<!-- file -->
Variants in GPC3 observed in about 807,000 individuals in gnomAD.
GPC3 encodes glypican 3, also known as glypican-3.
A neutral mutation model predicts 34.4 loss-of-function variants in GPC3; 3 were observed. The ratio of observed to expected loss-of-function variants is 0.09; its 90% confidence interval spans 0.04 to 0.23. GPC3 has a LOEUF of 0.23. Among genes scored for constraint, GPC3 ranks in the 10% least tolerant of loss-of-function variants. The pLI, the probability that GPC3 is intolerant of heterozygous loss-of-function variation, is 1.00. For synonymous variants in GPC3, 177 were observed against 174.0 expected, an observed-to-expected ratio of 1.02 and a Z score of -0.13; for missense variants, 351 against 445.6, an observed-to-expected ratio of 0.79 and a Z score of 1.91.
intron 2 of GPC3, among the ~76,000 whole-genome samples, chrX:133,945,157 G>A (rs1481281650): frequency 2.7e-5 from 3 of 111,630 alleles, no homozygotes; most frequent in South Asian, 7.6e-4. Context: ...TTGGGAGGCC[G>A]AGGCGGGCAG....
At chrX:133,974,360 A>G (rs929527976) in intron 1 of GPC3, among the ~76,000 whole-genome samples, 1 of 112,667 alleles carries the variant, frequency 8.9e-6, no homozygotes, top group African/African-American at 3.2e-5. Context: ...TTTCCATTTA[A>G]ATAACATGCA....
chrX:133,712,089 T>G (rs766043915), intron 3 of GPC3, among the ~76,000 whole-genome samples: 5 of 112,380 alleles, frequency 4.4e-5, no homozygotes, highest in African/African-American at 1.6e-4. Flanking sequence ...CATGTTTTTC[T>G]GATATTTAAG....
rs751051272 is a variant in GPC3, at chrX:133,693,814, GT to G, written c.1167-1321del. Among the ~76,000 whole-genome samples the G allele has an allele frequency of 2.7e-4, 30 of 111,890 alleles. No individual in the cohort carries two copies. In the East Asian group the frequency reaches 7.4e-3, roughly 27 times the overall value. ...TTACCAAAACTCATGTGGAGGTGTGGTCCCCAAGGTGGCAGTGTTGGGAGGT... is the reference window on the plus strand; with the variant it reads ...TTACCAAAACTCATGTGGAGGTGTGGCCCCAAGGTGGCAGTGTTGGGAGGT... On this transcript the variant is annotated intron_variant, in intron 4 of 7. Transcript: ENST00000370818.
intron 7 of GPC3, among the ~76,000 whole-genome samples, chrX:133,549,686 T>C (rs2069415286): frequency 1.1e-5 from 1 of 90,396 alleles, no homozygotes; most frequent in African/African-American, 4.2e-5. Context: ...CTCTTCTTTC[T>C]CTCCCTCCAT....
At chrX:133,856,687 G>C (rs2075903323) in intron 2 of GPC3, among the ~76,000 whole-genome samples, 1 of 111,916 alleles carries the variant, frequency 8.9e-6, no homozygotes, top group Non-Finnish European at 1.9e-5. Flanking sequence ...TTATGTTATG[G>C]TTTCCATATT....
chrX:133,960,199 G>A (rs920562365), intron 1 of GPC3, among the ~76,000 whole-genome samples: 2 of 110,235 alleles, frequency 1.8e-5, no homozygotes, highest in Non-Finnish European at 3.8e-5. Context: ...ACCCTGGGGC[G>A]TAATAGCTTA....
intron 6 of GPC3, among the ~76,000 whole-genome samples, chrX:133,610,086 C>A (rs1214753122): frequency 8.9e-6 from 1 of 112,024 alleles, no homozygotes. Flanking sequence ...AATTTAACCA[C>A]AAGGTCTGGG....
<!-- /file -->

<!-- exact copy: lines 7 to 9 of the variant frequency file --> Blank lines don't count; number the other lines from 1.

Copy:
rs751051272 is a variant in GPC3, at chrX:133,693,814, GT to G, written c.1167-1321del. Among the ~76,000 whole-genome samples the G allele has an allele frequency of 2.7e-4, 30 of 111,890 alleles. No individual in the cohort carries two copies. In the East Asian group the frequency reaches 7.4e-3, roughly 27 times the overall value. ...TTACCAAAACTCATGTGGAGGTGTGGTCCCCAAGGTGGCAGTGTTGGGAGGT... is the reference window on the plus strand; with the variant it reads ...TTACCAAAACTCATGTGGAGGTGTGGCCCCAAGGTGGCAGTGTTGGGAGGT... On this transcript the variant is annotated intron_variant, in intron 4 of 7. Transcript: ENST00000370818.
intron 7 of GPC3, among the ~76,000 whole-genome samples, chrX:133,549,686 T>C (rs2069415286): frequency 1.1e-5 from 1 of 90,396 alleles, no homozygotes; most frequent in African/African-American, 4.2e-5. Context: ...CTCTTCTTTC[T>C]CTCCCTCCAT....
At chrX:133,856,687 G>C (rs2075903323) in intron 2 of GPC3, among the ~76,000 whole-genome samples, 1 of 111,916 alleles carries the variant, frequency 8.9e-6, no homozygotes, top group Non-Finnish European at 1.9e-5. Flanking sequence ...TTATGTTATG[G>C]TTTCCATATT....